North Atlantic Hackathon 2021

North Atlantic Youth Hackathon gave new ideas to the region

On the weekend of 19-21 March 2021, the Think Rural, Think Digital, Think Ahead event brought together young people aged 18-25 from all over the North Atlantic region for a virtual youth hackathon. Focusing on two main themes — digital health and rural tourism — 11 teams of young entrepreneurs worked together in an exciting competition to come up with innovative ideas for a better North Atlantic region. The winning ideas were an on-line health coach and a platform for sustainable tourism. The 31 participants were divided into teams of up to four and had 48 hours to find a good idea, a solution or a product for the North Atlantic region. The event was organised by NORA in collaboration with the Nordic Council of Ministers and partners from Scotland, Maine and Ontario.

Public health is important to all communities, and, during the pandemic, it was a primary concern for top-level decision-makers, making it an obvious choice for one of the hackathon’s challenges. Long distances, low population density, lack of qualified health workers in the immediate area and an unbalanced demographic composition are a fact of life for rural communities, but these factors put pressure on healthcare services, and this makes them ripe for disruption in the form of innovative and community-oriented solutions. The hackathon’s digital-health challenge asked participants to address head on the healthcare situation in the North Atlantic, both during and after the pandemic. Five of the participating teams chose to work with this topic.

The winning idea was an app that will help people with irritable-bowel syndrome to identify eating patterns and foods that can help them keep their symptoms at bay. The idea was developed by a team of participants from Canada, Scotland and Norway. The jury found that the idea had a highly user-centred design that personalised the advice and expanded the use of technology. The team won 40,000 kroner and was invited to participate in a 12-week accelerator programme for further development of the idea.

Second place went to the Scan, Skin, Send project. The idea was developed by a Scottish participant as an on-line tool to make it easier and faster to diagnose skin problems.

Third place went to Frøya. Developed by a team of three from Canada and Norway, the project’s idea involved an app to help women in rural areas get appropriate and timely advice and help during pregnancy.

Tourism is a major source of income, jobs and cultural exchange in the North Atlantic. The industry struggled during the pandemic, and restrictions imposed to contain Covid-19 had significant economic and social consequences, which led the hackathon’s organisers to make one of the challenges how to revive and renew the industry after the pandemic — while at the same time making it more resilient and sustainable. A green and sustainable tourism industry is crucial for the Nordic region to achieve its goal of becoming the most sustainable and integrated region in the world by 2030. Hackathon participants were encouraged to come up with ideas that had the potential to create jobs — preferably year-round jobs — in the region. Six international teams participated in this category.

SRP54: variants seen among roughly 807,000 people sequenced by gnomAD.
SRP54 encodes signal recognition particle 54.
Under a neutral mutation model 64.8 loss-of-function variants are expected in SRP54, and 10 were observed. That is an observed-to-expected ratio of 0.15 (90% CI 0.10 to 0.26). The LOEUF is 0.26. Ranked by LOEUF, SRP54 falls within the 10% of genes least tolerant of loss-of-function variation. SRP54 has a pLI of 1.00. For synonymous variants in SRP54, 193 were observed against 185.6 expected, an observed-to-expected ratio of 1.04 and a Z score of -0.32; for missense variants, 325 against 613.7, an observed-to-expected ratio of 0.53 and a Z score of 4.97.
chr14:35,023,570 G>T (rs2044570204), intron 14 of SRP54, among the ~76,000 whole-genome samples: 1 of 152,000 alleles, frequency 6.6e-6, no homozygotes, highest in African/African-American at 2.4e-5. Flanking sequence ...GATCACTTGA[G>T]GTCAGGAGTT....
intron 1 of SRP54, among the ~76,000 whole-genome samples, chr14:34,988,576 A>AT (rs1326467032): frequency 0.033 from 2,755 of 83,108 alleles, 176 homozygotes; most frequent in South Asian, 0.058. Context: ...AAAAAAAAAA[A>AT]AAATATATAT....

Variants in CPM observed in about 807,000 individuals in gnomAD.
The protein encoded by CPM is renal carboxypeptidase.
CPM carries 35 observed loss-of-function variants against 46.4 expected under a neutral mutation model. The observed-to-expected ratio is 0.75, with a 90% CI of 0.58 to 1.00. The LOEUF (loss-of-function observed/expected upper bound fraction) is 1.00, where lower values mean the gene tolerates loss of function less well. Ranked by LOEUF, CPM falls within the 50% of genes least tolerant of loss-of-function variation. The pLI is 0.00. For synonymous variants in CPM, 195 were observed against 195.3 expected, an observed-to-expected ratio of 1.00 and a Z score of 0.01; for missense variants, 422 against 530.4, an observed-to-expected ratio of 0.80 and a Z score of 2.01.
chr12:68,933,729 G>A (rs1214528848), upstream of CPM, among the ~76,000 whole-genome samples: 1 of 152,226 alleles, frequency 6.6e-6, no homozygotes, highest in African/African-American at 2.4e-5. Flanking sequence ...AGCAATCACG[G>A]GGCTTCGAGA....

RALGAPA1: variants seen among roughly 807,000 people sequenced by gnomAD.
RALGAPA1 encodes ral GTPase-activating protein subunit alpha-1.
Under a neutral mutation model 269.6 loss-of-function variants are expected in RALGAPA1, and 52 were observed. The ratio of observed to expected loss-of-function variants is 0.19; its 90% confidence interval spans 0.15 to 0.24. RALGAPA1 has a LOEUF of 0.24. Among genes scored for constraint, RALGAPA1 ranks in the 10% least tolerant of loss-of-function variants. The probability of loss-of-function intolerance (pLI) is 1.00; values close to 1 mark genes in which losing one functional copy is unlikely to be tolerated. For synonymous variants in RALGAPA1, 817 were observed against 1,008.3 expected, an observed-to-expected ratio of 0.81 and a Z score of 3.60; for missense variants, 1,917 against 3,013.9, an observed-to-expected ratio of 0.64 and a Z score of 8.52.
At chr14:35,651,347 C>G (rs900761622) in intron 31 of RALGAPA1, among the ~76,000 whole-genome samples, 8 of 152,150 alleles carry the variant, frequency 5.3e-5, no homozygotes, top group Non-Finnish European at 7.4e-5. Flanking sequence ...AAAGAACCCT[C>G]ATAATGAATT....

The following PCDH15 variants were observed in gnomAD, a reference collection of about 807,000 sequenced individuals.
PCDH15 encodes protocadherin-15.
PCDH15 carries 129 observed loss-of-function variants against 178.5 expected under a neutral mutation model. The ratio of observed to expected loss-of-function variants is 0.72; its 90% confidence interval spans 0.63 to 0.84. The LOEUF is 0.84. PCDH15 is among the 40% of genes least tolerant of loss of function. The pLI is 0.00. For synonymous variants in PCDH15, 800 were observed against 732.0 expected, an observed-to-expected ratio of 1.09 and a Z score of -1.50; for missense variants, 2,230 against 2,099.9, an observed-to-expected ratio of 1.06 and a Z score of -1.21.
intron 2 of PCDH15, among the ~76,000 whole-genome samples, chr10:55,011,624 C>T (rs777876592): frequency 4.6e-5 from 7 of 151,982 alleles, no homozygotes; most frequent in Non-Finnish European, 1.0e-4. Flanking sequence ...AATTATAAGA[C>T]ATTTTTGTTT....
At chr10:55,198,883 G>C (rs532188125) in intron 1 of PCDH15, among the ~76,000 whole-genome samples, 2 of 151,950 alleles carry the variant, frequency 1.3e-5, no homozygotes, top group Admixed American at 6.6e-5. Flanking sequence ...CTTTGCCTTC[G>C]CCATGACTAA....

The winning idea was the Rural Roots platform for climate-conscious travellers. Rural Roots connects environmentally conscious consumers with rural entrepreneurs who want to contribute to the green transition by offering coupons to visitors to rural areas. A portion of each sale is invested in climate initiatives in the areas where the coupon is redeemed. The platform makes it possible for travellers to experience local handicrafts, while also giving them the satisfaction of knowing they are contributing to the community’s transition to sustainability. The winning idea was developed by a team from Scotland and Norway. In addition to receiving 40,000 kroner in prize money, the team was invited to present its idea at a conference for regenerative tourism in the Faroe Islands in October 2021.

Second place went to an idea titled Rural Lights. Developed by a team of three from Scotland and Norway, the idea involves creating an app that will help people to respect the interests of landowners when using nature for recreational purposes. One of the aims of the app is to improve communication among interest groups in the hopes that being better informed will reduce the risk of conflicts.

Third place went to Loc8. An idea developed by a team of four from Greenland and Scotland, the Loc8 app seeks to cultivate a relationship between communities and the people who visit them by giving the visitors good experiences that have a positive, sustainable impact on the places they visit.

The North Atlantic hackathon was the start of what will hopefully develop into products and solutions that benefit the entire North Atlantic region. Now it is up to the teams from the seven participating countries — Canada, the US, Iceland, Faroe Islands, Greenland, Norway and Scotland — to run with their ideas.

The hackathon was organised by:

  • NORA
  • The Scottish Government
  • Highlands and Islands Enterprise (HIE)
  • University of New England (UNE)
  • Maine North Atlantic Development Office (MENADO)
  • Cooperation Council of Ontario (CCO)
  • Nordic Council of Ministers

See all 11 submissions

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